ReplyReply
    8
  45. James Joyner says:

    @Blue Galangal:

    I worrry that the NYT is pushing the “big lead” narrative in part for ratfkery. I don’t trust them as far as I can spit

    They are literally reporting the results of their own poll, which is nearly identical to all the other national polls and the four-year rolling average of Trump approval/disapproval numbers. That’s quite the long con they’re playing.

    ReplyReply
    4
  46. James Joyner says:

    @Kurtz:

    It doesn’t help that people don’t understand margin of error in polling.

    MOE applies to both individual numbers you see, not the difference between them.

    Ex:

    Republican 45%
    Dem 47%

    MOE +/- 3%

    What that means:

    Republican support is 42-48%
    Dem support is 44-50%

    That’s true of any individual poll. Anyone hyping up a single survey as especially predictive is either an ignoramus or a huckster. That’s why just about everyone points to indexes of polls and trends.

    That Biden is up 12 points in this poll doesn’t tell us much of anything.That he’s up roughly that much in an average of multiple reputable polls does. And the fact that Trump has been underwater in every average of polls since a week into his presidency tells us a whole lot.

    ReplyReply
    6
  47. Kurtz says:

    @James Joyner:

    Absolutely, but I was referencing state polls because the typical dumb conversation elsewhere looks like this:

    “The polls were accurate in 2016. Hillary won by ~3%.”

    “National polls don’t matter. State polls do. We have this thing called the electoral college. Stop whining, you lost. #lockherup”

    At this point the conversation either stops or devolves into more ignorant BS. State polls are typically noisier and fewer in number, which tends to reduce the efficacy of aggregation models.

    As far as this year goes, the race will likely tighten. But I think the absolute maximum popular vote deficit that Trump could overcome in the EC is 5%. But the closer to 5 it is, the more unlikely it becomes. Trump likely needs to bring the spread down to around the same it was in 2016, and hope for another fluke.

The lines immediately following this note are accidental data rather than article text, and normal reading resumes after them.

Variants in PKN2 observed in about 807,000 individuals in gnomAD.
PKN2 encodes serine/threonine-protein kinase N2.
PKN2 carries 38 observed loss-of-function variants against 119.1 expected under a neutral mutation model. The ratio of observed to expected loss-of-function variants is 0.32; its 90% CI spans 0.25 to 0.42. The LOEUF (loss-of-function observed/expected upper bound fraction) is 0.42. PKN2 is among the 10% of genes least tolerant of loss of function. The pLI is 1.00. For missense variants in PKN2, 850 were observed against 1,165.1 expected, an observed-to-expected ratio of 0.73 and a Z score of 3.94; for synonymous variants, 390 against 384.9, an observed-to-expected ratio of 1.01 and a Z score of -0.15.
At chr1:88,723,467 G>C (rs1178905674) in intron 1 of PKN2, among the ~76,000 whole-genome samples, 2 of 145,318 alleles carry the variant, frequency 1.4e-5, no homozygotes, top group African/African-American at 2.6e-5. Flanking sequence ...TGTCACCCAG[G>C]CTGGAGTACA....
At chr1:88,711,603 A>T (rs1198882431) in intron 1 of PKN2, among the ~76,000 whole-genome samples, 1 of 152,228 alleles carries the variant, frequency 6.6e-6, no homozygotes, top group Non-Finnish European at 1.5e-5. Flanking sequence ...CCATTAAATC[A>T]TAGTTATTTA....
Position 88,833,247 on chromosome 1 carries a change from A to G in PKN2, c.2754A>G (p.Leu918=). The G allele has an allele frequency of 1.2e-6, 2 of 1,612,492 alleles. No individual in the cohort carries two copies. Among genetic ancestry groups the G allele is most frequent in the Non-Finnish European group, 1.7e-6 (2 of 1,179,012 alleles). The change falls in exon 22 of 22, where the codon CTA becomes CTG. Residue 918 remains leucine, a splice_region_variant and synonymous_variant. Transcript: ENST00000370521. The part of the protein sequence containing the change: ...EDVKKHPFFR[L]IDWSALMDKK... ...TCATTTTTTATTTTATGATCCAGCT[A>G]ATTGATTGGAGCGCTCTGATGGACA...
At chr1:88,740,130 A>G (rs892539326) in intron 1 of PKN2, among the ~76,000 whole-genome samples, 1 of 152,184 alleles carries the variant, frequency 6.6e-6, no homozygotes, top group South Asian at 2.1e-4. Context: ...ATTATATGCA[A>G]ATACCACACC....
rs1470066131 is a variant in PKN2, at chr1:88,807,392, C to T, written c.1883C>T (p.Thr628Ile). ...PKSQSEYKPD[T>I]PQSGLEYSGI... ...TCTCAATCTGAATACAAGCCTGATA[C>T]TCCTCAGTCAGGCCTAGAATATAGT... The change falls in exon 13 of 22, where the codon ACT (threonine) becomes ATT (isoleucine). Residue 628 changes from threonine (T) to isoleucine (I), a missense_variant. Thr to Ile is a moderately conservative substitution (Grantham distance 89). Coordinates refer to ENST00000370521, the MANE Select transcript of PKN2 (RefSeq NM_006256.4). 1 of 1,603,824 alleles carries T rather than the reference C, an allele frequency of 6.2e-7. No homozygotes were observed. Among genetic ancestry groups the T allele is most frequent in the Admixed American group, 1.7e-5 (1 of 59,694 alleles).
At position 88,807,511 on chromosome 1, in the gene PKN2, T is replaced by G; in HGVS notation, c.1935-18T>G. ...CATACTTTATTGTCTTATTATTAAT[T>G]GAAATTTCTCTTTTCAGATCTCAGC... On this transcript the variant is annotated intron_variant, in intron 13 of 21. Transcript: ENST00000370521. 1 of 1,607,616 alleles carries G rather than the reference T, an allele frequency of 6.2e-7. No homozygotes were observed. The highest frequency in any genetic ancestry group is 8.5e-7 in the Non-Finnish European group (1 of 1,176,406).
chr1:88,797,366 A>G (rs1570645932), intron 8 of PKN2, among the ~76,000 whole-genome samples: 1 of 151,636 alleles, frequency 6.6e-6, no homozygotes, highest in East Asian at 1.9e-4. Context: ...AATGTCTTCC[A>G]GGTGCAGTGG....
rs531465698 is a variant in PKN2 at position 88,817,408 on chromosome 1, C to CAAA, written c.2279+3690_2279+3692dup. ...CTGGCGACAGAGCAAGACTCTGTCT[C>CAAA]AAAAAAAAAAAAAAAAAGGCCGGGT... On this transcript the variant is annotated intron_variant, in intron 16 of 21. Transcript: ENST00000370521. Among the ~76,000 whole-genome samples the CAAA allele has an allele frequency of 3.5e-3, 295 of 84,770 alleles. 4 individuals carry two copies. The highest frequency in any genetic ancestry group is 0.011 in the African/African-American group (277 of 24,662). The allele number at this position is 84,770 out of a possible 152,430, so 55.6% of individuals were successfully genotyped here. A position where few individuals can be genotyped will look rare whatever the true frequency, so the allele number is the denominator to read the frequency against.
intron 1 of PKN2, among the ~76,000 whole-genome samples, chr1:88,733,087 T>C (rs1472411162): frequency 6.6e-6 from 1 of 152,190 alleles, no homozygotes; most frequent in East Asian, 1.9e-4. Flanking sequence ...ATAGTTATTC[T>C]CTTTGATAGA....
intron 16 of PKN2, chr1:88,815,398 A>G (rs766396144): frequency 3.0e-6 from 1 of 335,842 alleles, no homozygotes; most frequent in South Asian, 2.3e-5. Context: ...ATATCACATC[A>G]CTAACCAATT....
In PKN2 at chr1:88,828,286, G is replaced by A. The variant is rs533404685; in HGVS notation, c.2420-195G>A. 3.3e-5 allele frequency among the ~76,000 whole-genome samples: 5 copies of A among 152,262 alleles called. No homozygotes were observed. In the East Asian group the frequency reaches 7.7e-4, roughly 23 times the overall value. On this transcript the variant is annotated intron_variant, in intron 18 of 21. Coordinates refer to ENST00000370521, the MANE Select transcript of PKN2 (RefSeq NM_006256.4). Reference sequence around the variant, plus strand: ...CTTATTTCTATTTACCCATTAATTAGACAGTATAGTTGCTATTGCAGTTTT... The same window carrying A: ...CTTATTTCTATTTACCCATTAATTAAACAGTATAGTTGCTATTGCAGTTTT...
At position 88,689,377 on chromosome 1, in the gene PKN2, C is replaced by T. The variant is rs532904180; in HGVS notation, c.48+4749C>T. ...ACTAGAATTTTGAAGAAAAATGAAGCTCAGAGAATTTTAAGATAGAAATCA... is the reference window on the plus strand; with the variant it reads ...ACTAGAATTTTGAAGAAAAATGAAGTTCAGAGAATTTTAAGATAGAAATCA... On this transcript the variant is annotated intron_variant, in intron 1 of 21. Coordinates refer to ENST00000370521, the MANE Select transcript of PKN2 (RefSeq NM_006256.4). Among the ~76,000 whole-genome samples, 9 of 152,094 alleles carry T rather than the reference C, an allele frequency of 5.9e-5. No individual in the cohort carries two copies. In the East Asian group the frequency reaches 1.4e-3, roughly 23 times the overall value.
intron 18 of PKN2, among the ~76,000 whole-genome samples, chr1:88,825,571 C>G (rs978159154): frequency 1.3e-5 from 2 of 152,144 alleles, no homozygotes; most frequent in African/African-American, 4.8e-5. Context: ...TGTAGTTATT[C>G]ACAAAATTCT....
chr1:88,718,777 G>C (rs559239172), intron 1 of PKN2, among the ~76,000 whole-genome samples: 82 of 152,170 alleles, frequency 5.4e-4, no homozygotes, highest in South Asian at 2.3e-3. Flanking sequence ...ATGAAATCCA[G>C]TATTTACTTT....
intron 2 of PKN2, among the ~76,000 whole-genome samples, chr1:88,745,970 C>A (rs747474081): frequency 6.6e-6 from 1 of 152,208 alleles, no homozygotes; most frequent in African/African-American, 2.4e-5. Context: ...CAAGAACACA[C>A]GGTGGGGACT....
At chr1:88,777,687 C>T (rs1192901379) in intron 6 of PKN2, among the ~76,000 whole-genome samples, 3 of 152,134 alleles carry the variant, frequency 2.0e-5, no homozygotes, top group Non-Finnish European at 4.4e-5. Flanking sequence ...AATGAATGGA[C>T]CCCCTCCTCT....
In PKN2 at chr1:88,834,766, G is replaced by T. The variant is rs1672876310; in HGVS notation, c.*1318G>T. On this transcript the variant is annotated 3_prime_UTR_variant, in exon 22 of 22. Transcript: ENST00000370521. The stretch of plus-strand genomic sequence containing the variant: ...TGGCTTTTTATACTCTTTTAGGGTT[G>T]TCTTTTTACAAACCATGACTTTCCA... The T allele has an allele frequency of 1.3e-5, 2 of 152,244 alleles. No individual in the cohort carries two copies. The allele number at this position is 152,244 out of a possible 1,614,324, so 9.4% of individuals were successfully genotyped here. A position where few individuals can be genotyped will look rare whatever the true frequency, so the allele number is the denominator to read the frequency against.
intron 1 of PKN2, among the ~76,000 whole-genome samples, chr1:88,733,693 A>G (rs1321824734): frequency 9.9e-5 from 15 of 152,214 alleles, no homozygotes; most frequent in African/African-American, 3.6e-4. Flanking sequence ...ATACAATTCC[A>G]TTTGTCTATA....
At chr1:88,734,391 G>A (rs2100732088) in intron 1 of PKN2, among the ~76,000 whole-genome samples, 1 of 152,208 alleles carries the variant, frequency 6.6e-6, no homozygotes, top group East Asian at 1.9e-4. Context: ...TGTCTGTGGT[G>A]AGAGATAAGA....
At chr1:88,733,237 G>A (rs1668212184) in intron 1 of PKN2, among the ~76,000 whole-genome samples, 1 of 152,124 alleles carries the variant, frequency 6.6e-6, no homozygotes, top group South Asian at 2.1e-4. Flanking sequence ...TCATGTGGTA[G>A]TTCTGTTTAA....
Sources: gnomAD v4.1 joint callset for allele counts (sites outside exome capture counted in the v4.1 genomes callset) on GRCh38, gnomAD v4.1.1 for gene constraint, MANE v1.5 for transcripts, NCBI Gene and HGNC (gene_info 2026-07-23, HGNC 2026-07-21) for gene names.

ReplyReply
    2
  48. Kurtz says:

    @Kylopod:

    I took a quick look, and the poll summary from WI I saw looked dire for Trump at the top line. But the MOE included the possibility of Trump +1ish. It ended up +0.7.

    The latest one I looked at was from Clarity. I have to look elsewhere for the Marquette and Remington polls, because the links where broken. IIRC, they were all on the edges of MOE if interpreted correctly.

    ReplyReply
  49. wr says:

    @Sleeping Dog: “Think about how well that is going to go over with the business community.”

    I’m part of that business community — I do a great deal of work with a Dutch company. And I feel like I’m living on Molokai in the 19th century.

    We’re going to get Trump’s wall all right — but it’s going to run all the way around this leper colony of a country, and it won’t be to keep people out…

    ReplyReply
    5
  50. Michael Reynolds says:

    @Michael Cain:

    OTOH, speaking as a Mountain West Democrat, it may be just as well that the national party and media aren’t trying to throw their weight and opinions around in these races.

    Indeed.

    ReplyReply
  51. Kylopod says:

    @Kurtz: Here are all the WI polls that 538 collected that included the month of November:

    CCES (10/4-11/6) +5
    Ipsos (10/24-11/6) +6
    PPP (10/31-11/1) +7
    Loras (10/31-11/1) +6
    Remington (11/1-2) +8
    Clarity (11/1-2) +4
    SurveyMonkey (10/30-11/6) +1
    Gravis (11/3-6) +3
    SurveyMonkey (11/1-7) +2
    Google (11/1-7) +12

    Notice that the further the poll goes into November, the tighter it gets, and there are several that are well within the MOE of the final results. The only outlier is that Google poll that showed Hillary ahead by 12.

    Of course there simply isn’t sufficient data here to draw any conclusions one way or the other. As James pointed out, any individual poll has barely any informative value, but the averages matter, and there just weren’t enough WI polls taken in the final week of the campaign to construct a reliable average. Yet it does seem that most of the pollsters that did conduct polls in that final week did indeed detect the Trump surge that was happening, and while none of them actually showed Trump in the lead, they were roughly accurate as polls go.

    ReplyReply
    1
  52. Kurtz says:

    @Kylopod: